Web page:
European Commission executive vice president Margrethe Vestager talks to media in Brussels, Belgium.
Thierry Monasse | Getty Images News | Getty Images
The battle between the EU and Apple on taxation is not over yet.
On Friday, the European Commission, which is the executive arm of the EU, said it would appeal a court ruling involving Apple and the Republic of Ireland.
The EU’s general court ruled in July that the Commission had failed to prove that the Irish government had given a tax advantage to the tech giant.
The Commission’s team, led by the EU’s competition chief Margrethe Vestager, argued in 2016 that Apple had to repay 13 billion euros ($15.17 billion) in unpaid taxes to Ireland, after the latter granted “undue tax benefits” to the firm.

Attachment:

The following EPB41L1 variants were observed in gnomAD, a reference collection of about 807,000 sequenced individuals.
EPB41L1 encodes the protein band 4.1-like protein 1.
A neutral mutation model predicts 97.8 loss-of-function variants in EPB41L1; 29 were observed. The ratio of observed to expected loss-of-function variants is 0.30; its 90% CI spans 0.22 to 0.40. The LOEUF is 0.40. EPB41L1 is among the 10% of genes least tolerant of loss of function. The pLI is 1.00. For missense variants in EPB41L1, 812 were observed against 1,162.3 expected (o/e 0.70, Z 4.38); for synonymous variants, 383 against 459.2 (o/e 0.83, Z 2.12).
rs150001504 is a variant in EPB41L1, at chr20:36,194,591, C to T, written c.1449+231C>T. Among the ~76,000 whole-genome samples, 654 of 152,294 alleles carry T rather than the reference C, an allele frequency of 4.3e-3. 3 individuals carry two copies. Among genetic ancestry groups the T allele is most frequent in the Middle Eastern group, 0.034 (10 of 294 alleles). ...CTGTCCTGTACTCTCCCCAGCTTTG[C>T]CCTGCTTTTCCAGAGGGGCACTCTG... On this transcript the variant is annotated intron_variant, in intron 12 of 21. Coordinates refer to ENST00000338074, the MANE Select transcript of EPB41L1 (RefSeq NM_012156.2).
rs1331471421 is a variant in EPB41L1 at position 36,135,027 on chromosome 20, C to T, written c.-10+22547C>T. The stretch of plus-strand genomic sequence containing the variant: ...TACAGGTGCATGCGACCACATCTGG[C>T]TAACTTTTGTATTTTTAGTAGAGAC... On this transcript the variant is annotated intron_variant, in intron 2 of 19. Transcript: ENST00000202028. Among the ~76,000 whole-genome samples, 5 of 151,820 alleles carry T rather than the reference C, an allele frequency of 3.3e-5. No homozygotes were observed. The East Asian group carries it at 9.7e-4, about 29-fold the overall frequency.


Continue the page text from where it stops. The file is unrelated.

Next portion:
However, both the Irish government and the tech giant contested the allegation.
The European Commission will now take the case to the highest court in Europe.
“The Commission has decided to appeal before the European Court of Justice the General Court’s judgment of July 2020 on the Apple State aid case in Ireland,” Vestager said in a statement Friday.
Vestager said that the General Court raised “important legal issues” in its ruling, but “the Commission also respectfully considers that in its judgment the General Court has made a number of errors of law.“
July’s ruling challenged the way the Commission uses state aid policy to fight non-competitive deals between governments and companies, by asking it to put forward more evidence in these situations — a potentially lengthy and complicated task.